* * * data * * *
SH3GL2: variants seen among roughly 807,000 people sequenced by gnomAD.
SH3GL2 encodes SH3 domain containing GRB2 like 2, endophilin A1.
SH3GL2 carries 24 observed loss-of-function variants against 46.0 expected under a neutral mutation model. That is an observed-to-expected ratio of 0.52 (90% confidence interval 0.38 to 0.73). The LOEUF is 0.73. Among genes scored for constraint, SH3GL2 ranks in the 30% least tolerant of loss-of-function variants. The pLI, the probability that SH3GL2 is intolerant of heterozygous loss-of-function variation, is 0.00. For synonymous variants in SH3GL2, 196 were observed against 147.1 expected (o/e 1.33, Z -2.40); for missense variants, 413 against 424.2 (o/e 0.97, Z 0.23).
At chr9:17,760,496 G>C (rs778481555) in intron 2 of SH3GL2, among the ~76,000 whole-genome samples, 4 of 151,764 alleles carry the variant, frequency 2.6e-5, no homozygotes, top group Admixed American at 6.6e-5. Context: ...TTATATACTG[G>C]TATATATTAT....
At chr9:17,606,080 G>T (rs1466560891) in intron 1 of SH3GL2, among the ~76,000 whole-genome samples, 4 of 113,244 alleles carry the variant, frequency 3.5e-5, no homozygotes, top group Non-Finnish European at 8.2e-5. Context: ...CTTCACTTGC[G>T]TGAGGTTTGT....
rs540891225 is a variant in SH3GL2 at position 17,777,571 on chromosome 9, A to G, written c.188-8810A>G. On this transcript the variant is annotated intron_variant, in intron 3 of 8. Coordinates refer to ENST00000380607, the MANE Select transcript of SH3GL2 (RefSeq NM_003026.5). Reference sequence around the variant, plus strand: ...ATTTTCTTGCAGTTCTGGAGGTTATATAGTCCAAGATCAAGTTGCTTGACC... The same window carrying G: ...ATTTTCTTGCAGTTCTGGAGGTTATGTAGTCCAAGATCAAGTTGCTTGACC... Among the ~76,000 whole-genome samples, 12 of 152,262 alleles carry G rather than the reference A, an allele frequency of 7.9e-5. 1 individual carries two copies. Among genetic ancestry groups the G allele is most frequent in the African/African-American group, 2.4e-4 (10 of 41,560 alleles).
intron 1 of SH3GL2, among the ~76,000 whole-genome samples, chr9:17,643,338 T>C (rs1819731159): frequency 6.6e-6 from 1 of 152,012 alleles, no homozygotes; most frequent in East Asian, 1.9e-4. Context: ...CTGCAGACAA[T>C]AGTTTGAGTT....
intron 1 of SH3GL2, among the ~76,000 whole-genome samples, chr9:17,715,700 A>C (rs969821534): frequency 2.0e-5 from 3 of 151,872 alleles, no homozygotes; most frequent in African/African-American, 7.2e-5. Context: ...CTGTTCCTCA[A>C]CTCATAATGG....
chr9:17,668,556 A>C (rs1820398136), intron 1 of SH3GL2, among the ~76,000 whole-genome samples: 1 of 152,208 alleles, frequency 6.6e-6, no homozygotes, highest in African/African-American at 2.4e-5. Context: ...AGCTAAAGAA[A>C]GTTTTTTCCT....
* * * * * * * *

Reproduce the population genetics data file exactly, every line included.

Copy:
SH3GL2: variants seen among roughly 807,000 people sequenced by gnomAD.
SH3GL2 encodes SH3 domain containing GRB2 like 2, endophilin A1.
SH3GL2 carries 24 observed loss-of-function variants against 46.0 expected under a neutral mutation model. That is an observed-to-expected ratio of 0.52 (90% confidence interval 0.38 to 0.73). The LOEUF is 0.73. Among genes scored for constraint, SH3GL2 ranks in the 30% least tolerant of loss-of-function variants. The pLI, the probability that SH3GL2 is intolerant of heterozygous loss-of-function variation, is 0.00. For synonymous variants in SH3GL2, 196 were observed against 147.1 expected (o/e 1.33, Z -2.40); for missense variants, 413 against 424.2 (o/e 0.97, Z 0.23).
At chr9:17,760,496 G>C (rs778481555) in intron 2 of SH3GL2, among the ~76,000 whole-genome samples, 4 of 151,764 alleles carry the variant, frequency 2.6e-5, no homozygotes, top group Admixed American at 6.6e-5. Context: ...TTATATACTG[G>C]TATATATTAT....
At chr9:17,606,080 G>T (rs1466560891) in intron 1 of SH3GL2, among the ~76,000 whole-genome samples, 4 of 113,244 alleles carry the variant, frequency 3.5e-5, no homozygotes, top group Non-Finnish European at 8.2e-5. Context: ...CTTCACTTGC[G>T]TGAGGTTTGT....
rs540891225 is a variant in SH3GL2 at position 17,777,571 on chromosome 9, A to G, written c.188-8810A>G. On this transcript the variant is annotated intron_variant, in intron 3 of 8. Coordinates refer to ENST00000380607, the MANE Select transcript of SH3GL2 (RefSeq NM_003026.5). Reference sequence around the variant, plus strand: ...ATTTTCTTGCAGTTCTGGAGGTTATATAGTCCAAGATCAAGTTGCTTGACC... The same window carrying G: ...ATTTTCTTGCAGTTCTGGAGGTTATGTAGTCCAAGATCAAGTTGCTTGACC... Among the ~76,000 whole-genome samples, 12 of 152,262 alleles carry G rather than the reference A, an allele frequency of 7.9e-5. 1 individual carries two copies. Among genetic ancestry groups the G allele is most frequent in the African/African-American group, 2.4e-4 (10 of 41,560 alleles).
intron 1 of SH3GL2, among the ~76,000 whole-genome samples, chr9:17,643,338 T>C (rs1819731159): frequency 6.6e-6 from 1 of 152,012 alleles, no homozygotes; most frequent in East Asian, 1.9e-4. Context: ...CTGCAGACAA[T>C]AGTTTGAGTT....
intron 1 of SH3GL2, among the ~76,000 whole-genome samples, chr9:17,715,700 A>C (rs969821534): frequency 2.0e-5 from 3 of 151,872 alleles, no homozygotes; most frequent in African/African-American, 7.2e-5. Context: ...CTGTTCCTCA[A>C]CTCATAATGG....
chr9:17,668,556 A>C (rs1820398136), intron 1 of SH3GL2, among the ~76,000 whole-genome samples: 1 of 152,208 alleles, frequency 6.6e-6, no homozygotes, highest in African/African-American at 2.4e-5. Context: ...AGCTAAAGAA[A>C]GTTTTTTCCT....